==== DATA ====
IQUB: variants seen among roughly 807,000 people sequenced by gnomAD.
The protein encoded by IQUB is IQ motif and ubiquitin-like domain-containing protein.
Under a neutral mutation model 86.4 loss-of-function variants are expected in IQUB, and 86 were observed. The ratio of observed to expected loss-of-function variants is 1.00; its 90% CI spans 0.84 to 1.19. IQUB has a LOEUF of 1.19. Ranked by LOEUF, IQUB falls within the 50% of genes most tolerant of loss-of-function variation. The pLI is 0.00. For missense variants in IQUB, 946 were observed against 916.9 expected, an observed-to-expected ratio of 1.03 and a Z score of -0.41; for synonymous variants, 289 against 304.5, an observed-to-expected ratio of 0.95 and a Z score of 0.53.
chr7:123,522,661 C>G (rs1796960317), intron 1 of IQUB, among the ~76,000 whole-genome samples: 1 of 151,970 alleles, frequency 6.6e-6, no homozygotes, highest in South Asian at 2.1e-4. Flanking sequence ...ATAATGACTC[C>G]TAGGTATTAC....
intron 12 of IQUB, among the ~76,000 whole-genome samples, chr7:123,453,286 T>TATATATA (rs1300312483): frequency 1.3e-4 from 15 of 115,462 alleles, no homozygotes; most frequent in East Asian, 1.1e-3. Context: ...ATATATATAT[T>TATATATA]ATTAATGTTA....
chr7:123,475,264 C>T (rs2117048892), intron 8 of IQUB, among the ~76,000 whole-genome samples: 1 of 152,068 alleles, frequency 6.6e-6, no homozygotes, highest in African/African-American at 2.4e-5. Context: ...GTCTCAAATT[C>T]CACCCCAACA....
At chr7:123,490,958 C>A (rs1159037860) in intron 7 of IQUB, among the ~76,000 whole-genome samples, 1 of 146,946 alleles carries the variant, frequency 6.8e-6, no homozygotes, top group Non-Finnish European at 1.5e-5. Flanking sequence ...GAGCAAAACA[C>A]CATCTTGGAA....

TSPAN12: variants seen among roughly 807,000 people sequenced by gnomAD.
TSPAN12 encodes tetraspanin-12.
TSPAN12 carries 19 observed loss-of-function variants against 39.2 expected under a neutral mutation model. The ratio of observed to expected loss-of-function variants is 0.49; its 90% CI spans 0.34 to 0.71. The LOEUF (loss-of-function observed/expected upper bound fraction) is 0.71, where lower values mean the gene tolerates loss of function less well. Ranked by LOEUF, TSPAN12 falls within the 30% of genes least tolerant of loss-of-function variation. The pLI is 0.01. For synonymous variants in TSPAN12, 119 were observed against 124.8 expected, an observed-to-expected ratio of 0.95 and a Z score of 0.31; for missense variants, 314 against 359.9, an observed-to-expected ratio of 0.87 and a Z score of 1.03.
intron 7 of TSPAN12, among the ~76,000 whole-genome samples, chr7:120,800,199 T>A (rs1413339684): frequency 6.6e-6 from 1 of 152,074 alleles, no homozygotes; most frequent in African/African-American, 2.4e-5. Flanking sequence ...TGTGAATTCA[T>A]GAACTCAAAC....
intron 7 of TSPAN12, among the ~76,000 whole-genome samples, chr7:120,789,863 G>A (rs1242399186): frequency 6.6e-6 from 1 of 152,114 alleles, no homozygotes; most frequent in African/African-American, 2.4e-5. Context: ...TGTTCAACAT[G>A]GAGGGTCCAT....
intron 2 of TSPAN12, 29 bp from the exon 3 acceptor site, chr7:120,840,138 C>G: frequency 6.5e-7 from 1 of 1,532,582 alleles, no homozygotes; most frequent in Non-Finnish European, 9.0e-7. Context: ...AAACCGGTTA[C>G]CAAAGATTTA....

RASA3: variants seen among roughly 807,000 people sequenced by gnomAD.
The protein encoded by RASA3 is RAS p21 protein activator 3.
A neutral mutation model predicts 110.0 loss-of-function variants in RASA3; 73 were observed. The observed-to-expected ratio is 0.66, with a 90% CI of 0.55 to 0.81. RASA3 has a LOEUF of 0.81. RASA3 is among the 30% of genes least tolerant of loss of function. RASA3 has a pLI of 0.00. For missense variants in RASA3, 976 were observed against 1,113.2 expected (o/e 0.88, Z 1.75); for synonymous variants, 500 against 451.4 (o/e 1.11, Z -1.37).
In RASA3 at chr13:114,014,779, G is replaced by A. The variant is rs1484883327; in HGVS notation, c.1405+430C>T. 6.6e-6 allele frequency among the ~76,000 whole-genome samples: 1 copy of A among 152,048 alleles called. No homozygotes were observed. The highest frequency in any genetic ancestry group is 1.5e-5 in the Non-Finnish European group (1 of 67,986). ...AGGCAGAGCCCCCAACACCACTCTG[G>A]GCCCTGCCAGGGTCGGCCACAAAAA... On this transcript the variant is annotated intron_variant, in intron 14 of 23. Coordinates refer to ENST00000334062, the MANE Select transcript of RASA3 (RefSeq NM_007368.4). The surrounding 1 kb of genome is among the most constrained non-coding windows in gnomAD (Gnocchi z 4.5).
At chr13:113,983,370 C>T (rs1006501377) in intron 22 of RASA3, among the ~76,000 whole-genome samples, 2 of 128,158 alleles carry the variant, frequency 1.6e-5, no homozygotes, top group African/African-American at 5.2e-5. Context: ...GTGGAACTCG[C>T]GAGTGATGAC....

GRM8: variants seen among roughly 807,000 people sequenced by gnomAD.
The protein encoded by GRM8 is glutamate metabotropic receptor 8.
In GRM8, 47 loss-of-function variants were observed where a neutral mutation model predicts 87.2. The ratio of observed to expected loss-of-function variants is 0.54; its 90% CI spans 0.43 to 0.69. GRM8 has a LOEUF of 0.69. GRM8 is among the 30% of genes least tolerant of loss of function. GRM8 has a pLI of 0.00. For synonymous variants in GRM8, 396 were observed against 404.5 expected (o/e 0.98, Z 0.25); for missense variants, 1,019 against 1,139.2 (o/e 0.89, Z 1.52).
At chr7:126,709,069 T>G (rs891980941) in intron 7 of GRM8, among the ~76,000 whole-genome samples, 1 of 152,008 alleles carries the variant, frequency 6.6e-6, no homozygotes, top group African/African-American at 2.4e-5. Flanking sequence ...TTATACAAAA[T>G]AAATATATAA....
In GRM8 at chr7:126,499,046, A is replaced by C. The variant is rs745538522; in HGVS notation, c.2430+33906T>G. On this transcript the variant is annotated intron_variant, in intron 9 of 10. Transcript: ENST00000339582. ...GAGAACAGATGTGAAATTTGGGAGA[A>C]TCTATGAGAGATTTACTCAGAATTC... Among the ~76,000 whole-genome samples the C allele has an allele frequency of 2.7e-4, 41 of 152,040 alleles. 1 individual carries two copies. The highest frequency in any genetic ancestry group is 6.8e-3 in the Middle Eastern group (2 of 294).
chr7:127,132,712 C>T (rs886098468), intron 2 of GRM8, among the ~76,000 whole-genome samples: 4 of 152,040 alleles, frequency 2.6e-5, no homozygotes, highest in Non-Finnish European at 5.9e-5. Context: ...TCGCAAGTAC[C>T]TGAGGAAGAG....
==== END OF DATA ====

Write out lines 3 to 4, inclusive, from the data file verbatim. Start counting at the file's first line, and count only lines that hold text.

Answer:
Under a neutral mutation model 86.4 loss-of-function variants are expected in IQUB, and 86 were observed. The ratio of observed to expected loss-of-function variants is 1.00; its 90% CI spans 0.84 to 1.19. IQUB has a LOEUF of 1.19. Ranked by LOEUF, IQUB falls within the 50% of genes most tolerant of loss-of-function variation. The pLI is 0.00. For missense variants in IQUB, 946 were observed against 916.9 expected, an observed-to-expected ratio of 1.03 and a Z score of -0.41; for synonymous variants, 289 against 304.5, an observed-to-expected ratio of 0.95 and a Z score of 0.53.
chr7:123,522,661 C>G (rs1796960317), intron 1 of IQUB, among the ~76,000 whole-genome samples: 1 of 151,970 alleles, frequency 6.6e-6, no homozygotes, highest in South Asian at 2.1e-4. Flanking sequence ...ATAATGACTC[C>G]TAGGTATTAC....